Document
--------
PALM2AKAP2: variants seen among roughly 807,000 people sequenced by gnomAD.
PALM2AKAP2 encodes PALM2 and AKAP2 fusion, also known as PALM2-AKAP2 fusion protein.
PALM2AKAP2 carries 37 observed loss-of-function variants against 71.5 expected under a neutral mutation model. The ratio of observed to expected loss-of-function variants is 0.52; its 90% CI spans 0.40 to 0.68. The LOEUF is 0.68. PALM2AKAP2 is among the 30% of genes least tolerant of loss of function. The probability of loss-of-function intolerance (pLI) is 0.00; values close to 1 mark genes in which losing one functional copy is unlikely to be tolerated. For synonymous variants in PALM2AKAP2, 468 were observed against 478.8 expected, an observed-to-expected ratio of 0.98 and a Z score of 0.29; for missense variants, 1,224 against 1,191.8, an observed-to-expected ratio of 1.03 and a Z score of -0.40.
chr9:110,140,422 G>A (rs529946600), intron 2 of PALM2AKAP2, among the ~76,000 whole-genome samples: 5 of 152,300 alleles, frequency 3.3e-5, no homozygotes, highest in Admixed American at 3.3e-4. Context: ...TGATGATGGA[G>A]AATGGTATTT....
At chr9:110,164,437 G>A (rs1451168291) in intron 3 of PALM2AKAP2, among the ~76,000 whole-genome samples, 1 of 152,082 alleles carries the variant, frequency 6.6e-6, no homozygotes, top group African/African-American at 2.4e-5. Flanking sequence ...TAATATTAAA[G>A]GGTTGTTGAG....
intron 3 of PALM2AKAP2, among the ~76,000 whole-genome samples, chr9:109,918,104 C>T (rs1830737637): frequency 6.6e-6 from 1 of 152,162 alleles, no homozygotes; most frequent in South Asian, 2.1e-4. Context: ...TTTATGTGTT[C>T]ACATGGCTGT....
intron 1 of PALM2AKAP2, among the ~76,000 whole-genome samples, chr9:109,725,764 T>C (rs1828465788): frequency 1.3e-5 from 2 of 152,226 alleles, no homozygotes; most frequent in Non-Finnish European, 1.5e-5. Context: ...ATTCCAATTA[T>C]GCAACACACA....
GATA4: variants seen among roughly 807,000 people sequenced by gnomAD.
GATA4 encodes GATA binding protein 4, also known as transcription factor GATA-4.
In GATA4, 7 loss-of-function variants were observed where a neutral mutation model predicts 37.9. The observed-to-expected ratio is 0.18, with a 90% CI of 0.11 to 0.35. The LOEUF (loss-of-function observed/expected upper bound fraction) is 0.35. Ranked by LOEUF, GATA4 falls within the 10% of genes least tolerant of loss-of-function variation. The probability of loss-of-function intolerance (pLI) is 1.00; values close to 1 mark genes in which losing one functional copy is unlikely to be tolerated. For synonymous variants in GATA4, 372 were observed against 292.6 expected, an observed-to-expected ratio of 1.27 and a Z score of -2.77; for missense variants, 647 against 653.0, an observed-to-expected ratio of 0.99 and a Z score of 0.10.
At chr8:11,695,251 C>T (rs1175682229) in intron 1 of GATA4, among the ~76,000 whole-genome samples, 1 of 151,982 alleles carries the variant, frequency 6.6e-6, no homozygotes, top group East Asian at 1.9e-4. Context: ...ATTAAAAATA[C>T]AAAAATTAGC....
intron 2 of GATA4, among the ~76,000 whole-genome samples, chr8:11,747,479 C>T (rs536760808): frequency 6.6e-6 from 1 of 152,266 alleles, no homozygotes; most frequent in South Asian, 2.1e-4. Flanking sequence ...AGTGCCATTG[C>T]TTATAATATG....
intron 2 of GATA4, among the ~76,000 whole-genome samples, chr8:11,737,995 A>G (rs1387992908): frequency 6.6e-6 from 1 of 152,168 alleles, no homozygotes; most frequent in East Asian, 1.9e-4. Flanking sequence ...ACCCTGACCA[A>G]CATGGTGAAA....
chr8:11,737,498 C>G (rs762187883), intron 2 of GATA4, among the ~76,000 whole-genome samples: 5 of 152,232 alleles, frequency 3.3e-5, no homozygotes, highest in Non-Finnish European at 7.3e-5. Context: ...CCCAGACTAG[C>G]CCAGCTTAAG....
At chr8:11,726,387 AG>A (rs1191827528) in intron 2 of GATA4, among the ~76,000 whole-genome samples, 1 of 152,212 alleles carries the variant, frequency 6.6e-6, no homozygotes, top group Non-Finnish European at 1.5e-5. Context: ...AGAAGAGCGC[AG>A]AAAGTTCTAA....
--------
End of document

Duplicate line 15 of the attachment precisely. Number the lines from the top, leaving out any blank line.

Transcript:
At chr8:11,726,387 AG>A (rs1191827528) in intron 2 of GATA4, among the ~76,000 whole-genome samples, 1 of 152,212 alleles carries the variant, frequency 6.6e-6, no homozygotes, top group Non-Finnish European at 1.5e-5. Context: ...AGAAGAGCGC[AG>A]AAAGTTCTAA....